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Gloria Bell’ is Love Letter to its Star

Gloria Bell’ is Love Letter to its Star

FILM REVIEW Newport This Week

By Loren King

Julianne Moore plays Gloria in the comedy, romance film, “Gloria Bell.”

As if further proof were needed that Julianne Moore can play any character in any genre and light up the screen, along comes “Gloria Bell.” This deceptively light look at the inner life of a middle-aged, di­vorced woman who fends off lone­liness and boredom by dancing at a local disco is a love letter to its central character and to the lumi­nous Moore. In a seemingly effort­less performance, she anchors the movie’s story, in which not much happens, yet everything happens.

“Gloria Bell” is the American ver­sion of writer-director Sebastián Lelio’s 2013 Chilean film “Gloria,” starring Paulina García, who earned critical acclaim as the titular char­acter. It was Moore who persuaded Lelio to make an English-language version. Moore told Lelio, whose 2017 film “A Fantastic Woman” won the best foreign language film Oscar, that she would star in the new film, but only if he directed it.

“Gloria Bell” is basically a recre­ation of “Gloria.” Other than shift­ing the action from Santiago, Chile to Los Angeles, “Gloria Bell” is the same understated, gently com­ic, often bittersweet story about an ordinary woman, more or less content with her life, who takes a chance on a new romance.

Gloria lives alone, works in an insurance office and juggles rela­tionships with her two grown kids (Michael Cera and Caren Pistorius), ex-husband (Brad Garrett) and in­dependent mother (Holland Tay­lor). Her day-to-day routine and simple pleasures are revealed with brief glimpses, such as the joy she takes in unselfconsciously singing to radio hits such as Olivia Newton John’s “A Little More Love” as she drives to work.

The film is like a musical of mid­dle of-the-road pop hits. There’s Bonnie Tyler’s “Total Eclipse of the Heart,” John Paul Young’s “Love is in the Air” and, of course, Laura Branigan’s irresistible 1980s dance hit, “Gloria.”

Gloria spends most nights danc­ing, sometimes alone, sometimes not, at a nightclub that draws an older crowd. That’s where she meets the shy, newly divorced Ar­nold (John Turturro). The two be­gin a romance that has all the awk­ward fits and starts of reality, but that radiates on screen thanks to the performances of its two stars.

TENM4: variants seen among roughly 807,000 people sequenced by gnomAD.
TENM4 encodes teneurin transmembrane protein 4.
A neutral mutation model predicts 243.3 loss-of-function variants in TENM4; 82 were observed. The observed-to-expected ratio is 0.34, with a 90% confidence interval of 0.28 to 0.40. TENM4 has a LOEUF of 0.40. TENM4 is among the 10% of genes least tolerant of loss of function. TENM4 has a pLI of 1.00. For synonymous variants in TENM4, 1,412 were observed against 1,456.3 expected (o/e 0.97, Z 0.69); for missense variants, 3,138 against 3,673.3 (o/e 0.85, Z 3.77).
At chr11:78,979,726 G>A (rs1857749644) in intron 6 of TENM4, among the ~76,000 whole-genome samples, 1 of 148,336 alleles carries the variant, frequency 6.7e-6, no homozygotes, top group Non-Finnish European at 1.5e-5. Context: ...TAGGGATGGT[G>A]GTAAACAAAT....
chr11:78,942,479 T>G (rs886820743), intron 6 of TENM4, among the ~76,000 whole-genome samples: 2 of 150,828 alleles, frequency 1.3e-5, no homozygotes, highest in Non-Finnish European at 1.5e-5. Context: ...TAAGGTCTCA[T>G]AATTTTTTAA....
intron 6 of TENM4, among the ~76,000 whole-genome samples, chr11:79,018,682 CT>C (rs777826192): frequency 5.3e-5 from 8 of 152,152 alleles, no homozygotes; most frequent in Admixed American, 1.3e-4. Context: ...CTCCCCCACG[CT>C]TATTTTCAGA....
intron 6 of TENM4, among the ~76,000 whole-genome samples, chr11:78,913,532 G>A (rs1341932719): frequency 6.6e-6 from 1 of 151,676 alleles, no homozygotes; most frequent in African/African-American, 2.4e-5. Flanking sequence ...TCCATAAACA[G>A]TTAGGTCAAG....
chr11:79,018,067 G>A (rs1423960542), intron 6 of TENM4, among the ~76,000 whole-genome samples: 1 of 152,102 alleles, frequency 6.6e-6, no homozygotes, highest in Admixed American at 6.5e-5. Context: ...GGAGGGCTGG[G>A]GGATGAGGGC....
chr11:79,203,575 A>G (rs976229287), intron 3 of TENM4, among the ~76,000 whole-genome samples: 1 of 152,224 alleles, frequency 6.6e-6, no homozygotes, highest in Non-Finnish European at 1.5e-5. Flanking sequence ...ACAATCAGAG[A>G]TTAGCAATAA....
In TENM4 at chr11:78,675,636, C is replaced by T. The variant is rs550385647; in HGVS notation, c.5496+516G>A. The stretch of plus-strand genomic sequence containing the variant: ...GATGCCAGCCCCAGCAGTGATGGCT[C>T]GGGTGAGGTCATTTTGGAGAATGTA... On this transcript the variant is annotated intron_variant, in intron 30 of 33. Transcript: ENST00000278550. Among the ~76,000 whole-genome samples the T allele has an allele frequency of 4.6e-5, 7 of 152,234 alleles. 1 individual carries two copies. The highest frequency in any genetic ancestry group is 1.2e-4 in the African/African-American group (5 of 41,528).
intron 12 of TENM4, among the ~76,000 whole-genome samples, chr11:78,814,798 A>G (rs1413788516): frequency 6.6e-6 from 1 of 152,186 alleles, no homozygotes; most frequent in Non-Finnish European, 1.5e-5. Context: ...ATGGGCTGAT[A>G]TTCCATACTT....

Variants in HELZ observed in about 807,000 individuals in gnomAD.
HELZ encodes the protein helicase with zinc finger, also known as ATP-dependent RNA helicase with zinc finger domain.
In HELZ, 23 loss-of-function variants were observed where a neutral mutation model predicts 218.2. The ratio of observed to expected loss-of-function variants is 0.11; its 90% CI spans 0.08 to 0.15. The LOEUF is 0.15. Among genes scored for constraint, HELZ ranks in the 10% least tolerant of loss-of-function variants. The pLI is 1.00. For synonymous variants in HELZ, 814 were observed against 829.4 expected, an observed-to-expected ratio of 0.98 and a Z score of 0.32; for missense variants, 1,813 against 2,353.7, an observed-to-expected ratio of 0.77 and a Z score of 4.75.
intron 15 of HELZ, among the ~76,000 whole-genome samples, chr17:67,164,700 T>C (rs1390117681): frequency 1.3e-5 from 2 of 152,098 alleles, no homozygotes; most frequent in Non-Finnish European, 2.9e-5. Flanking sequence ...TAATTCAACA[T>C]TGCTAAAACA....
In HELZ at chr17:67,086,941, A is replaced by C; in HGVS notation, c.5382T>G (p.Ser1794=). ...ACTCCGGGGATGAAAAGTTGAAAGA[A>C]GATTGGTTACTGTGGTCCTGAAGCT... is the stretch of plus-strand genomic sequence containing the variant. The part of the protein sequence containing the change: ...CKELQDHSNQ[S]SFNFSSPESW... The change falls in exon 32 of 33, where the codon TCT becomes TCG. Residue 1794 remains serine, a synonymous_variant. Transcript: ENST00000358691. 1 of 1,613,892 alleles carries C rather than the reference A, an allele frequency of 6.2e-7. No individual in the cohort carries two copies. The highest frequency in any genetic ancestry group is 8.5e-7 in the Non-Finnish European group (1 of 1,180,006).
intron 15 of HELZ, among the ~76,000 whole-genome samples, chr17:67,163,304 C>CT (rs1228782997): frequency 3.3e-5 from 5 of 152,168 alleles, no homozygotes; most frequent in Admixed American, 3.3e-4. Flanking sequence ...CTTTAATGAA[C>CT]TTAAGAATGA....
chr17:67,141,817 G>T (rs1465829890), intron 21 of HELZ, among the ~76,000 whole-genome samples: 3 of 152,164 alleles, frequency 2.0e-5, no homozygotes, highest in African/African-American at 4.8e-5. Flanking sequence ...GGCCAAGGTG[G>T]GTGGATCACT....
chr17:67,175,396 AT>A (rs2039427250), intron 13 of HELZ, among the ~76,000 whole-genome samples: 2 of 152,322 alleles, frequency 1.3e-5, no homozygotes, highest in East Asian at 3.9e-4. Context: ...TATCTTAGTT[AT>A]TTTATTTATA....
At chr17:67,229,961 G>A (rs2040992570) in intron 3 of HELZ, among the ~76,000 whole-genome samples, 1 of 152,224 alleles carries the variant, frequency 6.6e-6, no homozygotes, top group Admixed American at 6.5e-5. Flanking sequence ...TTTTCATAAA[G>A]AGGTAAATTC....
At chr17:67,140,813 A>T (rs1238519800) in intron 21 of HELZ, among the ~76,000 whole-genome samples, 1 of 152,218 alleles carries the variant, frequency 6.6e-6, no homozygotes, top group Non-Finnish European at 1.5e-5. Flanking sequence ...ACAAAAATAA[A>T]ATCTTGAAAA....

It’s easy to see why Arnold would fall for the likable Gloria; it’s not as clear what she sees in him, partic­ularly when his phone lights up constantly with nagging messages from his ex-wife and his two grown daughters who constantly need him for something. Still, Arnold has his charms and we get the sense that the magic of a love interest hasn’t sparked for Gloria in quite some time.

Arnold takes Gloria to the amusement park he owns where she skydives and learns to shoot paintball. She learns that Arnold is a former Marine, with an interest in guns. That’s not even the reddest of the red flags. When they take a weekend trip to Las Vegas, Arnold inexplicably disappears, leaving Gloria alone. Moore plays this turn with subtle shifts from cautious happiness to vulnerability to defi­ance that she will not be a victim. Gloria stays in Vegas, a place that can seem desolate and lonely even under the best of circumstances.

The moody Arnold apologies and explains, and he and Gloria rec­oncile until the film’s darkly comic centerpiece scene, a dinner party at Gloria’s son’s house at which Arnold, meeting her family for the first time, makes a less-than-favor­able impression. The resilient Glo­ria bounces back again, with a final scene likely to leave much of the audience cheering.

Moore shines in every second of the film as she navigates the full emotional spectrum. An American movie centered on an ordinary middle-aged woman is enough cause for celebration. But “Glo­ria Bell” revels in its small, telling moments, such as Gloria laughing boisterously with other women in her yoga class, dealing with an annoying neighbor or a frustrated coworker, or just letting a great song wash over her. With subtlety and grace, Moore captures Gloria’s joie de vivre and her determination to keeping dancing as long as the music moves her.

Apollo 11's Trip to The Moon is Still a Thrill

Apollo 11’s Trip to the Moon is Still a Thrill

FILM REVIEW on March 14, 2019

By Loren King


The Apollo 11 moon landing took place 50 years ago, but images from that monumental event are as majestic and breathtaking as those beamed back to earth from outer space in July 1969.

One doesn’t have to be a space exploration enthusiast to appreciate what the new documentary, “Apollo 11,” delivers, which is a first-hand account, told entirely through the images and sound recorded at the time, of what is still one of the most remarkable feats of modern history.

“Apollo 11,” now in select theaters. including the Jane Pickens Theater, is directed and edited by Todd Douglas Miller. He uses newly discovered archival footage from the NASA vaults, most of which has never been seen before, mixed with news footage of astronauts Neil Armstrong, Buzz Aldrin and Michael Collins preparing for the mission, and stage-setting shots of the Saturn V rocket on the Cape Canaveral, Florida launch pad, as well as the massive apparatus surrounding it.